Wednesday, February 18, 2009
The Fifth Season
Anyone who lives in the northern climes knows that there are more than four seasons. Some think of that beautiful reprise of warmth after the first frost, better known as "Indian Summer", as a season unto itself, but it lasts only a few, precious days at best. Many of us who live where the winters are snowy have a different idea about what constitutes the fifth season. Right now, in this part of the country a new season is just beginning...mud season. Starting near the end of meteorological winter and lasting into the first weeks of the calendar spring, mud season is all too familiar to those who dwell outside of the cities.
As the snow and ice retreats with the slowly warming temperatures, yards and unpaved driveways become oozing car traps that rival the La Brea tarpits. Boots and sneakers get caked with brown muck, no matter how carefully one tries to step. Mac starts parking his dump truck on the asphalt driveway and is reluctant to try and get down to the barn in it, as the ground turns into chocolate pudding.
It's impossible to keep floors clean in mud season. Many homes around here have that handy entryway off the kitchen, better known as "The Mudroom", where shoes are removed before entering the main house. This is usually mandatory for family members and guests alike, to try and stem the tide of grit and grime that fights to get inside. We have a screened-in porch that works well for this purpose. Most people I know are not shy about enforcing the shoe ban, at least not during mud season.
The roadsides are a mess now, littered with chunks of asphalt, rocks, trash and detritus of every description. Snow-plow blades have destroyed the edges of the sidewalks and potholes and frost heaves dot every street. Things that have been hidden for months under snow banks are revealed as the melt commences. Car parts, torn envelopes, broken beer bottles and random nuts and bolts mingle with lost gloves and losing scratch tickets. Everywhere, a coating of sand and salt lines the streets and waits to be swept or raked off the dead grass next to the curb...sand, salt and mud.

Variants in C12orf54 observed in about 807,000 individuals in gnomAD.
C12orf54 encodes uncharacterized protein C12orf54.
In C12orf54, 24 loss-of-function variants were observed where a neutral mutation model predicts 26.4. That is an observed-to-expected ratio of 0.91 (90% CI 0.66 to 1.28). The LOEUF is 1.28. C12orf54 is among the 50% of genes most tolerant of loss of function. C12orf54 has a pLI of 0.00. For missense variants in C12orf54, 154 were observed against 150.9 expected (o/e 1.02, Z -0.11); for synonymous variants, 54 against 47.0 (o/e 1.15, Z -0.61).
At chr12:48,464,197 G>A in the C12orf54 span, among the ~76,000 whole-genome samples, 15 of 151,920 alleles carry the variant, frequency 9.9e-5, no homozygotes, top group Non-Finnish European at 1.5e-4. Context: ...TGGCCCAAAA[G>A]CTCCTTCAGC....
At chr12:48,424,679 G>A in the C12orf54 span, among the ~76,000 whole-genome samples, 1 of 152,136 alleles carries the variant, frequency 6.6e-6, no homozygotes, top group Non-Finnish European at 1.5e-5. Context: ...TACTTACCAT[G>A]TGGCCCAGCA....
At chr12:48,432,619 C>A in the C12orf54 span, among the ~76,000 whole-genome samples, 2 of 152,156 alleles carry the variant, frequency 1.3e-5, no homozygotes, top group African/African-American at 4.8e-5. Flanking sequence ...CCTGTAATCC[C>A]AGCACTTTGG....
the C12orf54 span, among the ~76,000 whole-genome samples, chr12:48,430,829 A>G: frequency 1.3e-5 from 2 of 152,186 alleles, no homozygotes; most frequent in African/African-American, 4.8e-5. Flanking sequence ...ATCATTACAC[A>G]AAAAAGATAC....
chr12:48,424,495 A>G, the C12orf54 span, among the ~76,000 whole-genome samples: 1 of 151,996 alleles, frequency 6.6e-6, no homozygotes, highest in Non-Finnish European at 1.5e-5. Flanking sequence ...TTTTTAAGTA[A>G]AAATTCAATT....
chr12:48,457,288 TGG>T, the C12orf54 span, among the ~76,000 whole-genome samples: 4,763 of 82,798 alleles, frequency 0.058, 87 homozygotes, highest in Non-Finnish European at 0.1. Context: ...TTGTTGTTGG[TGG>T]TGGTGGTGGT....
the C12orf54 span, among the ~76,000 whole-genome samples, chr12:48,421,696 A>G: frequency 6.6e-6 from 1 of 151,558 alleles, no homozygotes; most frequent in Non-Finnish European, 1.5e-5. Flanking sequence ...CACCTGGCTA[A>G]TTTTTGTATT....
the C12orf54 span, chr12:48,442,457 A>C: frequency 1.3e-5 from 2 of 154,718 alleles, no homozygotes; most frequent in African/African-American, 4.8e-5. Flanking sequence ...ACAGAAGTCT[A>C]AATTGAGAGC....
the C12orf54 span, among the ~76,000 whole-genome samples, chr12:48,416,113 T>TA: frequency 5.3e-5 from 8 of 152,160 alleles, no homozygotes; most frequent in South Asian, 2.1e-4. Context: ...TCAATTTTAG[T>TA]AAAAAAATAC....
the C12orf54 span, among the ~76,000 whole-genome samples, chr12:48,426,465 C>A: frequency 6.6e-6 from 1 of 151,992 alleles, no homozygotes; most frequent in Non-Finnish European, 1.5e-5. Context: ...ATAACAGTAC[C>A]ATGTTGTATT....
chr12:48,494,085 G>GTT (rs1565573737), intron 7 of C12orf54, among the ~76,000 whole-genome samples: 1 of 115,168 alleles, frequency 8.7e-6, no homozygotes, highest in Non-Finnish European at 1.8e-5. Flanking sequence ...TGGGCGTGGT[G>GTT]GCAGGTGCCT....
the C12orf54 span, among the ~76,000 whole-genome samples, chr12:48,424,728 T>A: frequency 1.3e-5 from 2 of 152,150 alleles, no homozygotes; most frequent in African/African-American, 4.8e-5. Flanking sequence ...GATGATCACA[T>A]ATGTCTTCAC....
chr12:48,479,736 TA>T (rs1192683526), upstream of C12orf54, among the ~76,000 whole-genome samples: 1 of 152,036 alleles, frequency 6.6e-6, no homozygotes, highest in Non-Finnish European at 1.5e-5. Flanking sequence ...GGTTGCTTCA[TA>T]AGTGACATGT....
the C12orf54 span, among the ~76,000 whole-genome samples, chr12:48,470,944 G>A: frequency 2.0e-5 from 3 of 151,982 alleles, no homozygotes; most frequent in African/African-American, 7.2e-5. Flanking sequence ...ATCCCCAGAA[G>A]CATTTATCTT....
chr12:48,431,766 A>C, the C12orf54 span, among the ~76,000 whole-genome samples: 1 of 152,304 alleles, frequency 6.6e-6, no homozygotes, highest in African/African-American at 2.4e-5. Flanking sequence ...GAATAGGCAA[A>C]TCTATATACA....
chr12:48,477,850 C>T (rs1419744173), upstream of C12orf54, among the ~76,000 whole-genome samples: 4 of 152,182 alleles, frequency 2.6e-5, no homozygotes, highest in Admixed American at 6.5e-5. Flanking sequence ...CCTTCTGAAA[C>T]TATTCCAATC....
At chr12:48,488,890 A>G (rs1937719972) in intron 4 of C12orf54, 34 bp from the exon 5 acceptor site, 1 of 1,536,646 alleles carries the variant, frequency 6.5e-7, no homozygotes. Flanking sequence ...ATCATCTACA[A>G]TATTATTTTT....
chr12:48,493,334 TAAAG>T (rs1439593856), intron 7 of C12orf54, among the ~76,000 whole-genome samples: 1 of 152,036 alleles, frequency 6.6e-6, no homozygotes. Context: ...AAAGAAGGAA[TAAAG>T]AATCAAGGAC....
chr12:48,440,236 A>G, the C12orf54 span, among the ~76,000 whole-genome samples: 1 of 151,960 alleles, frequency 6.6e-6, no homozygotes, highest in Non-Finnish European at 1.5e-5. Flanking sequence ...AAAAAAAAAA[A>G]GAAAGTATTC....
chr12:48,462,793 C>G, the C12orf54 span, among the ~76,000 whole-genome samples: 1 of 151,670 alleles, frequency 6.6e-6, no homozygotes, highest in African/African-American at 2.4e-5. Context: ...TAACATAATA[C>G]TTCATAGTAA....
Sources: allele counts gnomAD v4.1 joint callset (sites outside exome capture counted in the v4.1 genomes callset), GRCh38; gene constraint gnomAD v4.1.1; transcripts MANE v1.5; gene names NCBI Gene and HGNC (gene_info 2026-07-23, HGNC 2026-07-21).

If you have a canine friend, mud season is all the more annoying. Every day when Rigby and I come in from her walk, we must go through the unpleasant and time consuming ritual of bathing her muzzle, her feet and the underside of her belly. I fill a big bowl with warm water and shampoo, spread a towel on the kitchen floor and start the ablutions with a wash cloth, while she struggles to pull away and looks reproachfully out of the corner of her eye at me.
Some days, I glance out the window, prior to the walk and fool myself into thinking that things appear dry enough so that if we stay mostly on the pavement, we will be able to avoid the need for the half-bath that day. It has never been the case yet. She is pretty low to the ground and has very furry paws. By the time we get home they are black and her underside is wet and grimy. On damp days, when we have to navigate puddles and dodge the spray from car tires, she requires a full bath. Into the tub she goes, much to her chagrin. To make it up to her, I give her three or four treats when we are done, but she's still not pleased with me.
Despite all this, mud season is a joyous time! It means that winter's back is broken. The sun climbs to a higher angle in the sky and our corner of the world is definitely warming by a few degrees each week. If it's mud season, can spring be far behind?